My five-year-old told me recently to "drop it in the comments." That should probably make me question her having too much screen time.
Instead, I considered the ubiquity of soliciting comments. Some brands and people do it better than others, but almost everyone does it.
Here are three examples from Peloton that would inspire me to take the comment bait:
(For the record, my answers are, 1. Don't worry about the leaderboard—it's you vs. you, 2. Cody Rigsby, and 3. The favorite instructors we have in common.)
As evidenced by my own compulsion to share my responses, "comment bait" can be effective. But how can you go beyond that "social media 101" approach to elevate your commenting strategy?
Two Things You Need to Do for a Strong Comment Strategy
Whether you're considering a comment strategy as a brand or as a person, the execution is similar.
1. Find the right real estate
Just like actual real estate, commenting strategies rely on location, location, location. The value of your comments depends on who is reading them—similar to any other type of content marketing.
In fact, Alice Elliott, the author of How to Create a Commenting marketing strategy, compares commenting to a content marketing strategy.
Elliot's ideas might be appealing to overstretched content creators. Writing a series of social media or blog posts takes a great deal of effort. The more time you invest in content creation, the more engagement you need to get an adequate return on investment (ROI). Elliot suggests taking the time you would invest in writing a series of posts and instead using it to comment on the latest relevant and high-ranking content.
Consistent, high-quality comments build brand recognition and drive more visitors to your blog or social profile. "It also helps to establish yourself as a thought leader or go-to-person for particular subjects," adds Elliot.
Side benefits of amping up your comments:
- Keeping on top of the latest trends while researching the best posts to comment on
- Creating a large footprint by spreading your presence and expertise to a broader, but targeted, audience
2. Find the right words
If we learned anything from Cyrano de Bergerac, and I think we did, it's that being in the right place is helpful only if you have the right words to share.
Stefanie Marrone of Social Media Butterfly lays out two crucial rules for LinkedIn commenting etiquette:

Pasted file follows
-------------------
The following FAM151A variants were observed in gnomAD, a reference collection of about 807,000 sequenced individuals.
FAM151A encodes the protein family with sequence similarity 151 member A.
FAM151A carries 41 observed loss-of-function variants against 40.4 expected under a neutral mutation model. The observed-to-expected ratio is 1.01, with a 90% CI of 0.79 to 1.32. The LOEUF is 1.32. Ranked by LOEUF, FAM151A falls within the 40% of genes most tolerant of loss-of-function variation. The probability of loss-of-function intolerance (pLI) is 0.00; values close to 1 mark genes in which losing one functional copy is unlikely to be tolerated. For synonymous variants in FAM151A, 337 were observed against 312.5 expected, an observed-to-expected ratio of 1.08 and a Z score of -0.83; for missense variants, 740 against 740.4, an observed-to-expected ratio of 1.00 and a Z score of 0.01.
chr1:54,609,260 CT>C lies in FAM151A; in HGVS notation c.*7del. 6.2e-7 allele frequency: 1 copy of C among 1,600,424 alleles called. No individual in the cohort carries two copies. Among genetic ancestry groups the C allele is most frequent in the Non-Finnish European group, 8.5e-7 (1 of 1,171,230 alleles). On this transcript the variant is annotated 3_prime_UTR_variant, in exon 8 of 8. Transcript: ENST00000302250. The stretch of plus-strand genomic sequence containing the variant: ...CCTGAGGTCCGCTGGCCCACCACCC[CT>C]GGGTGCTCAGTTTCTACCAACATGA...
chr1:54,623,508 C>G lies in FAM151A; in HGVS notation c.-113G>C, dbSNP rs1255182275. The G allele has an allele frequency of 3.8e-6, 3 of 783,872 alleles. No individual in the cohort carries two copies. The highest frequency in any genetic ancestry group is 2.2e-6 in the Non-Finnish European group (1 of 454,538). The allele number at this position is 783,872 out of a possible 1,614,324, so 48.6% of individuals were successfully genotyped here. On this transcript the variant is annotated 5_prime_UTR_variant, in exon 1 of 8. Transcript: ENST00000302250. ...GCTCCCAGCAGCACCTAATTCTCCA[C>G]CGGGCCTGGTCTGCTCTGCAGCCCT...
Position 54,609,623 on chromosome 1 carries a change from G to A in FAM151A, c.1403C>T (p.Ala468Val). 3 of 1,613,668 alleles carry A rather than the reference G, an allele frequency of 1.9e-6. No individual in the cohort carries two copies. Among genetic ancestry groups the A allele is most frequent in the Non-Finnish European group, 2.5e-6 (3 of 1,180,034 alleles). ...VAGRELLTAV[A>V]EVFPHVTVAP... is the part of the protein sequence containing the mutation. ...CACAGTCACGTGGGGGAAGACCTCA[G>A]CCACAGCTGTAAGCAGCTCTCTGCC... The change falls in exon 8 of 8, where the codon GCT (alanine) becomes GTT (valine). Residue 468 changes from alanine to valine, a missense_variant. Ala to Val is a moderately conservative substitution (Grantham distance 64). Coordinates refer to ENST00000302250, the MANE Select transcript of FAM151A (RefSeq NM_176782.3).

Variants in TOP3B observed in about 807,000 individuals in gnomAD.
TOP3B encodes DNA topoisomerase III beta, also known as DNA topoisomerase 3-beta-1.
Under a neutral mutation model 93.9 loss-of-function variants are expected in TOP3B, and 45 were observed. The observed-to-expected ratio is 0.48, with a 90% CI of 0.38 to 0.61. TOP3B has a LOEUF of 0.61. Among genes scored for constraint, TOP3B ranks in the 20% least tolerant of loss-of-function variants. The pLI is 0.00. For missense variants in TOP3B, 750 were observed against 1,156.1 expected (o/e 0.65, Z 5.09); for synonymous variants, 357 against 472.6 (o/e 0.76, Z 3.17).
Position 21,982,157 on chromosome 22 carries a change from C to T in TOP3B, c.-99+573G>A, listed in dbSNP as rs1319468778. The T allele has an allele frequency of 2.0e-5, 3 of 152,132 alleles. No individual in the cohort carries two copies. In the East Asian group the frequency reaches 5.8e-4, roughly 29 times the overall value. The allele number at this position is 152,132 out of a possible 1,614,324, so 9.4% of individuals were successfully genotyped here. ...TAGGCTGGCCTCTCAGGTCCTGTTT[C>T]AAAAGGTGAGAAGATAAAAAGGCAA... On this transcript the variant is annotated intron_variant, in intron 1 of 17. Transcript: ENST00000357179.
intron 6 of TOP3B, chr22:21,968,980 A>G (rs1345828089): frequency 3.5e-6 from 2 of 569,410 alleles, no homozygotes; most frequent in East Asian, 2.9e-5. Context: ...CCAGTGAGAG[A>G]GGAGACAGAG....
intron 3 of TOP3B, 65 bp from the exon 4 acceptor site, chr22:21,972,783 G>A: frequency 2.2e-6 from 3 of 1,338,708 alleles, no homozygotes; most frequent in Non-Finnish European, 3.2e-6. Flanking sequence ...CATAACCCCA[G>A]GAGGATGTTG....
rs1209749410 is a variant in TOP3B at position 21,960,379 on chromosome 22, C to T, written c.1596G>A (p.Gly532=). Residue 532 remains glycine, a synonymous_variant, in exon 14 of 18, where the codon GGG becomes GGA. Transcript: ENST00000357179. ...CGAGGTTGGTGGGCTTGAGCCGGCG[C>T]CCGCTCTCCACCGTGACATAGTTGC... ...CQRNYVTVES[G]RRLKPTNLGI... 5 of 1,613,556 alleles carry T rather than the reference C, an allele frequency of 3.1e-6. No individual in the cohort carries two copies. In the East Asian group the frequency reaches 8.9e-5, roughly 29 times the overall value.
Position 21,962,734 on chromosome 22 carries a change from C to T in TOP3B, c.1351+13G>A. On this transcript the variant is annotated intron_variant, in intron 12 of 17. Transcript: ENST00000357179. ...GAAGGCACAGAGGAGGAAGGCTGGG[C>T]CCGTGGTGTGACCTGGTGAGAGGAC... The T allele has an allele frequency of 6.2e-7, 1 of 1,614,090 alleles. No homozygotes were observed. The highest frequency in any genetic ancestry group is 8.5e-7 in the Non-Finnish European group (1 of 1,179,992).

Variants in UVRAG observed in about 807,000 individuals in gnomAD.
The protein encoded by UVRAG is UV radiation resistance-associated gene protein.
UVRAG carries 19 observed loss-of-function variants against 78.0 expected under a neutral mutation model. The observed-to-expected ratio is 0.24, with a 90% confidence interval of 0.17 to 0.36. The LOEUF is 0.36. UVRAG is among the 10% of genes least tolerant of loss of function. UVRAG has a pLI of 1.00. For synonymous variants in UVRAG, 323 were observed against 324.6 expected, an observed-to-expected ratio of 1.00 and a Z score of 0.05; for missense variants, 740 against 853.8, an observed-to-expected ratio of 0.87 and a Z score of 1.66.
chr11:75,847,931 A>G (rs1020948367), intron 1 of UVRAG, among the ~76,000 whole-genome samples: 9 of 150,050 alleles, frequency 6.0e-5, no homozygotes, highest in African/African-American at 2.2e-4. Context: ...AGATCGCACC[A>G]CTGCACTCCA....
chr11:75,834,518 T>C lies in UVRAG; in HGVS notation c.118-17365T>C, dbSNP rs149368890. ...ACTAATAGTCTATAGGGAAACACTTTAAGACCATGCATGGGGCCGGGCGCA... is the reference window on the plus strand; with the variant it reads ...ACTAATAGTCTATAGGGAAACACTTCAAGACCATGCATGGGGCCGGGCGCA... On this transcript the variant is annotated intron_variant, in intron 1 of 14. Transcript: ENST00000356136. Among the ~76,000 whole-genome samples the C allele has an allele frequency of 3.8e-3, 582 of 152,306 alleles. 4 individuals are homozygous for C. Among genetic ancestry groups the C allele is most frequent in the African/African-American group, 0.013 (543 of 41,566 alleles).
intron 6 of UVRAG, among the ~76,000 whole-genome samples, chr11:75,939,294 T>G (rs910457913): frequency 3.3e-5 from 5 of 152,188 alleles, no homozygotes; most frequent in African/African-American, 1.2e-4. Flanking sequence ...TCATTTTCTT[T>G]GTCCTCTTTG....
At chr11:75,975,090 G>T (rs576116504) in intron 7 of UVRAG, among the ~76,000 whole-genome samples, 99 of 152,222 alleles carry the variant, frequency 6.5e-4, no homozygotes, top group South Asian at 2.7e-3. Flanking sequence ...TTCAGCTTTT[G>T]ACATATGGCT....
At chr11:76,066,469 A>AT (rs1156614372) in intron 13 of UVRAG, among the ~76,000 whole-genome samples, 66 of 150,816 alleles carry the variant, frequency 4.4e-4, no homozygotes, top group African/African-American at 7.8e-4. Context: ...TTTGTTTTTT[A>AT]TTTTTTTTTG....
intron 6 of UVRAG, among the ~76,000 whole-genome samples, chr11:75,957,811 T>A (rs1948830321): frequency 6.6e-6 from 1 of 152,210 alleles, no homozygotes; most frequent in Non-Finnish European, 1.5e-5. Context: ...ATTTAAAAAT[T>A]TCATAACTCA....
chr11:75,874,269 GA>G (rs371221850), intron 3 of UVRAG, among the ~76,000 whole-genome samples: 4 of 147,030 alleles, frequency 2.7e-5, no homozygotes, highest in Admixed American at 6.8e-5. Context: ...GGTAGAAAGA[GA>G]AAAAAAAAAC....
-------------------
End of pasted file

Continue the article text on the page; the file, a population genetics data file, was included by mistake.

- Add value to that post.
- Don't take away the spotlight from the author of the post by promoting yourself or your products/webinar or directing people to something you did.
How Comments Create (Or Destroy) Trust
The buzz about ChatGPT is inescapable, but don't be fooled by the allure of applying AI in this context. AI is not a shortcut to powering your comment strategy.
Here's an example of how it can backfire.
Entrepreneur rejected someone from consideration for a project because of comments. Not because the person was a troll spreading misinformation or toxic commentary, but because the person had very few comments. A closer look at the candidate revealed LinkedIn posts with thousands of likes but few comments, Instagram Reels with thousands of likes but few views, and a highly ranked podcast but with generic and repetitive reviews on Apple.
"It's a telltale sign: They're buying engagement. Bots!" shared Feifer when telling the story on LinkedIn. "Does this person even have an audience? What else about them is fake?"
The topic of social media metrics can quickly devolve into a heated debate over vanity vs. value metrics, and that can of worms is outside the scope of this discussion. Yet, there is authenticity in comments and authority in both giving and receiving them.
Unlike other social content, comments can't be planned and scheduled for the balance of the year or quarter. Comments require ongoing symmetrical communication.
"You can buy numbers, but you cannot buy trust," said Feifer.
Benefits of Successfully Leveling-Up Your Comments
No one likes people who just talk about themselves all the time. A good conversation is two-way. Commenting emphasizes the "social" in social media.
Using the framework of finding the right place and the right words enables more symmetrical communication. Firing off a parade of posts into a vacuum is easy, but symmetrical communication creates a sense of community. Commenting signals an interest in creating discourse, relationships, and connection.
Comments are reaction and so demonstrate ongoing engagement in a topic or niche. Comments can be perceived as more authentic, but only while staying true to your voice as you would when crafting posts.
The comments that get the most attention are often humorous or witty. Fully 75% of consumers say there's value in brands' exhibiting humor on social media, according to Sprout Social. However, humor does not fit with the tone of every brand or person.
Don't feel pressured to add the funniest comment. Instead, to find the most value, when you "drop it in the comments" write a comment that represents your brand and reinforces your overall content strategy.
More Resources on Social Media Comment Strategy
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